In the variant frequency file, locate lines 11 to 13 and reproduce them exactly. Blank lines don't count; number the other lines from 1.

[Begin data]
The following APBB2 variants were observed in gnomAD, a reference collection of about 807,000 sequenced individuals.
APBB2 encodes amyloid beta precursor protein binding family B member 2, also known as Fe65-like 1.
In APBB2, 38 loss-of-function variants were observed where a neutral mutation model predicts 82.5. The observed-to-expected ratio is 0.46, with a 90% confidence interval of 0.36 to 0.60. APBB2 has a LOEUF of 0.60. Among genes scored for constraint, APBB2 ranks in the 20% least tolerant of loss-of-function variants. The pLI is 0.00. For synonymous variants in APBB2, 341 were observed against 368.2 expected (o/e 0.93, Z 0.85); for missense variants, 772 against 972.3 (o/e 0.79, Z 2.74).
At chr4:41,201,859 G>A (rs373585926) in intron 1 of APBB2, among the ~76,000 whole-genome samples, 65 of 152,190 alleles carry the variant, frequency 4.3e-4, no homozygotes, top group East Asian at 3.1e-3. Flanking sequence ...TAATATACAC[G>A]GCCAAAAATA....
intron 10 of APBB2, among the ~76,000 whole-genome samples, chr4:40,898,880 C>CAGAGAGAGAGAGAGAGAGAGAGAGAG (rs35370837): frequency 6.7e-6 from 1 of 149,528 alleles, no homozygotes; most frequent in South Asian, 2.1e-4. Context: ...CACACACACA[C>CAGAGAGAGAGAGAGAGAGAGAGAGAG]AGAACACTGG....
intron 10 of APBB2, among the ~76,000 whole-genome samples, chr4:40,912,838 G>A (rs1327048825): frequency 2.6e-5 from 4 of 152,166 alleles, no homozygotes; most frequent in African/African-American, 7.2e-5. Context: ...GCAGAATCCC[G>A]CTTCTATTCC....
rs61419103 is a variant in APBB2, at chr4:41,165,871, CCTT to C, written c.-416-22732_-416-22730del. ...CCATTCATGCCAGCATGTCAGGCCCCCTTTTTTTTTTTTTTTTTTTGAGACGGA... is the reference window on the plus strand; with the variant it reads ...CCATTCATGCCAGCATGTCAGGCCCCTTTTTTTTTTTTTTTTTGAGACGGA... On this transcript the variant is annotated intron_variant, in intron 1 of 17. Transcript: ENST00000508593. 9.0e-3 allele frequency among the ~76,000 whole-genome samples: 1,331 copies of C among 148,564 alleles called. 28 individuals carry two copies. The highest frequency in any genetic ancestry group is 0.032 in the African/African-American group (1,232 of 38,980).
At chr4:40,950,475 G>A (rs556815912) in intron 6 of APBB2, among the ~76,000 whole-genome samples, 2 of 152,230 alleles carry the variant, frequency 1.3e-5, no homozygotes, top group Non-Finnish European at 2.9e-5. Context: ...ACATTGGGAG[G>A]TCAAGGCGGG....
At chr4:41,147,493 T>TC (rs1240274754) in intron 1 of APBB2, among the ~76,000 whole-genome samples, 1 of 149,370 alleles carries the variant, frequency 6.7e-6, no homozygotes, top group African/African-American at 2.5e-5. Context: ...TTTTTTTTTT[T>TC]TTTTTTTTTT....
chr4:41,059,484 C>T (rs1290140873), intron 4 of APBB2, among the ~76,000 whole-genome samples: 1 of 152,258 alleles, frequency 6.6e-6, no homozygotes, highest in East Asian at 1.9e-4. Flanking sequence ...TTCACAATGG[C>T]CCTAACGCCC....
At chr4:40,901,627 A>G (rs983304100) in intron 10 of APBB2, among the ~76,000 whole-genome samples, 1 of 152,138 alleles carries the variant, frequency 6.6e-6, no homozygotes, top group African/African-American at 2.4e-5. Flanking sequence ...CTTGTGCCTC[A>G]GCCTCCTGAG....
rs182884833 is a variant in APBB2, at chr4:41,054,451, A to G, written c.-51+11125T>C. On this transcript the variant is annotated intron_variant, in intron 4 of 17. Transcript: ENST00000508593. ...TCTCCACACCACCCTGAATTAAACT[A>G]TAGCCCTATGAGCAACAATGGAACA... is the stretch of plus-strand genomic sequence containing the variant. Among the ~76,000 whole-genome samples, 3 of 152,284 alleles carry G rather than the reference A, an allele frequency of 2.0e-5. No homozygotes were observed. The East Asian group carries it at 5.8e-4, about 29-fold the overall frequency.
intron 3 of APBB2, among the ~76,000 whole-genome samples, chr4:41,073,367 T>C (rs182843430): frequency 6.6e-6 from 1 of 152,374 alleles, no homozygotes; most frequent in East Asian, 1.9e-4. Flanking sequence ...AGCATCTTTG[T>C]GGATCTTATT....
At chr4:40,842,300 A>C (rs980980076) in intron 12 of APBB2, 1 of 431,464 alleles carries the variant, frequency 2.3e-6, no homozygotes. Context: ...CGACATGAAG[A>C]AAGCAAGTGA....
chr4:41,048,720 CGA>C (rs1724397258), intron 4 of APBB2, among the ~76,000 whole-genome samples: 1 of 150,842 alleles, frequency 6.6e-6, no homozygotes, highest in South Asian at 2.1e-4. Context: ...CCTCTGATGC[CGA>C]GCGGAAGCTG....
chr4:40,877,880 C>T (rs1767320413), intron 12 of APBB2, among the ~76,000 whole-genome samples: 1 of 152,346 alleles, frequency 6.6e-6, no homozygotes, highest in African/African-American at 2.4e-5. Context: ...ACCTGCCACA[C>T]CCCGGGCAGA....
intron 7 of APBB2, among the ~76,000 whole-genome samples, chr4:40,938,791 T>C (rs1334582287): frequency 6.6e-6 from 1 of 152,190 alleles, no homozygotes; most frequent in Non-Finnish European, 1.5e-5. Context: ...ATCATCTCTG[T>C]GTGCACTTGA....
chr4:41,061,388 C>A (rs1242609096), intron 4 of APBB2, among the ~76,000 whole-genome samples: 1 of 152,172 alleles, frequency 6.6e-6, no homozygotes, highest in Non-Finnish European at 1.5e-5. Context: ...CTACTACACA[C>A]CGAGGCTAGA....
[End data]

At chr4:40,901,627 A>G (rs983304100) in intron 10 of APBB2, among the ~76,000 whole-genome samples, 1 of 152,138 alleles carries the variant, frequency 6.6e-6, no homozygotes, top group African/African-American at 2.4e-5. Flanking sequence ...CTTGTGCCTC[A>G]GCCTCCTGAG....
rs182884833 is a variant in APBB2, at chr4:41,054,451, A to G, written c.-51+11125T>C. On this transcript the variant is annotated intron_variant, in intron 4 of 17. Transcript: ENST00000508593. ...TCTCCACACCACCCTGAATTAAACT[A>G]TAGCCCTATGAGCAACAATGGAACA... is the stretch of plus-strand genomic sequence containing the variant. Among the ~76,000 whole-genome samples, 3 of 152,284 alleles carry G rather than the reference A, an allele frequency of 2.0e-5. No homozygotes were observed. The East Asian group carries it at 5.8e-4, about 29-fold the overall frequency.
intron 3 of APBB2, among the ~76,000 whole-genome samples, chr4:41,073,367 T>C (rs182843430): frequency 6.6e-6 from 1 of 152,374 alleles, no homozygotes; most frequent in East Asian, 1.9e-4. Flanking sequence ...AGCATCTTTG[T>C]GGATCTTATT....